Some opponents to this plan may worry about who will make a final decision in a disagreement. There are extant models of co-senior rabbis in congregations. Halakhic decisions are discussed. Usually that’s enough to come to a decision. But if it’s not, responsibilities are divided with each rabbi being mara d’atra over particular areas of the congregation, whether the kitchen, the weekday minyan, or how the Omer is counted. If the rabbis choose, disagreement can become a learning opportunity for the congregation on how to deal with conflict and how Halacha is decided.
There is benefit to the rabbis as well. Clergy stress and burnout is on the rise, and with it come the related health issues. Multiple studies show vacation is not enough. Every rabbi knows there will be dozens of emails, if not hundreds, upon returning from time away. So rabbis check email and worry, working through what is supposed to be time off. Rabbis work weekends and evenings. Days off … often lost to funerals or preparation … exercise neglected because of long hours … too many meals eaten on the run. A married couple sharing one pulpit can help alleviate most of these issues. Couples can watch each other for signs of exhaustion or burn-out in a way that the rabbi will never show in public, that an assistant rabbi may be too junior to recognize, that congregations cannot see on the bimah.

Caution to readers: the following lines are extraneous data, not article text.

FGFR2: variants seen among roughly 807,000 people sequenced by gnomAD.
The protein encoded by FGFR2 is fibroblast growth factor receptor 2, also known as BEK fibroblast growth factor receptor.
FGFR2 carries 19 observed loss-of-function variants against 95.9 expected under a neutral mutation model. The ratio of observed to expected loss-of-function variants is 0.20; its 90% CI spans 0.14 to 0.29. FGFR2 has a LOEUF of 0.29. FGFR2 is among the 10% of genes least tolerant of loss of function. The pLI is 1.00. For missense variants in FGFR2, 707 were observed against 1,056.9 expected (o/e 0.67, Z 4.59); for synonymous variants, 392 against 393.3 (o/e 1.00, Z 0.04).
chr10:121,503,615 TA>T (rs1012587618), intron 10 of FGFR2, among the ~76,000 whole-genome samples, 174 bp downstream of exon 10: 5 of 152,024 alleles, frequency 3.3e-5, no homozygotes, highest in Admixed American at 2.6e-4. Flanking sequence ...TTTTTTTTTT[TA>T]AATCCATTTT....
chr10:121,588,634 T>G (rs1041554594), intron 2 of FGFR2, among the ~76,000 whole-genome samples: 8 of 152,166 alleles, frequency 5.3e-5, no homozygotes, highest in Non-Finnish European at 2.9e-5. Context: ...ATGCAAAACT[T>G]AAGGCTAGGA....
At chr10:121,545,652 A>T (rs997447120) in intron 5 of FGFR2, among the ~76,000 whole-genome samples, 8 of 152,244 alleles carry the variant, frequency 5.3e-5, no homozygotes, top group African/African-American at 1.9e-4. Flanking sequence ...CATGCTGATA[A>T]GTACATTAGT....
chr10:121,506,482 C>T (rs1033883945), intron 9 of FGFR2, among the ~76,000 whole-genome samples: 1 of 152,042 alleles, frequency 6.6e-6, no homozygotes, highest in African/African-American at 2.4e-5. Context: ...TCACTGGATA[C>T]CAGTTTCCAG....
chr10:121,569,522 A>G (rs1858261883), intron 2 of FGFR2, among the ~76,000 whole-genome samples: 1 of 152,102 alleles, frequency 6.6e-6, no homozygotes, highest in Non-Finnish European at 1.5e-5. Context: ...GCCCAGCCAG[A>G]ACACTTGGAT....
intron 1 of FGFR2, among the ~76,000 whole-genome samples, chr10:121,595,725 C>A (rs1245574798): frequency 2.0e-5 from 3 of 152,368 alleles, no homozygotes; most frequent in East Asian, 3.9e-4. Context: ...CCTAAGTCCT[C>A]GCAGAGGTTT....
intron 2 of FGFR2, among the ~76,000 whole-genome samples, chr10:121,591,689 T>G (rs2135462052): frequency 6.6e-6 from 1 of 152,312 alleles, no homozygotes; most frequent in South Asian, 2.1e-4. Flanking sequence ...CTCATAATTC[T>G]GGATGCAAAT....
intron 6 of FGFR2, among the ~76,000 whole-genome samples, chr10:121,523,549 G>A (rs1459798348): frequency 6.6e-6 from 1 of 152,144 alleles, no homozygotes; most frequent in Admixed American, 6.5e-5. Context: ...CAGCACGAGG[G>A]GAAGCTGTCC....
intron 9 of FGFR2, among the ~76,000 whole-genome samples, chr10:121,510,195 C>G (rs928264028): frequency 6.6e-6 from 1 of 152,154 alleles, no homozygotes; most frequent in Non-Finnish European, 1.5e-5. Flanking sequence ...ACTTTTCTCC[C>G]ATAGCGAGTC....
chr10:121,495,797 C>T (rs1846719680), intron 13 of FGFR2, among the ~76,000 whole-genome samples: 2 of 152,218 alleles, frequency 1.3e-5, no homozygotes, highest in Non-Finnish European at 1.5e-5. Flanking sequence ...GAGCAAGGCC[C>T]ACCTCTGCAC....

As we come out of COVID, there will be pastoral needs that we cannot even begin to predict. We have already seen an increase in depression, anxiety, and suicide. Many of us have gone over a year without seeing parents, children, or grandchildren. Loved ones have gotten married or died, and we are only able to watch via Zoom. People have not been able to see their doctors. How this plays out in the long run is unclear. With a shared pulpit, the rabbis’ reach widens. With a team, our individual approaches to those pastoral issues will resonate differently amongst the varied demographics in any congregation.
As we look back the opening sentence of this article, we bring that which is ancient wherever we go. The words of the Torah, the commentaries of our Sages throughout history, the practices and laws of Jewish tradition all continue to speak to us. We will always look to teach them, and they form the foundation of how we think and act. At the same time, we also understand that Judaism is an open book, awaiting new chapters at every turn. Rabbis of the past wrote so many of those chapters. Rabbis in the present and the future will continue the writing. We encourage congregations to write a new holy chapter with us.
Rabbi Jennifer Gorman is the Executive Director of MERCAZ-Canada and Canadian Foundation for Masorti Judaism. She has experience in almost all areas of the rabbinate.
Rabbi Sean Gorman is a US Navy Chaplain in the Reserves, currently taking a sabbatical after 18 years in the pulpit.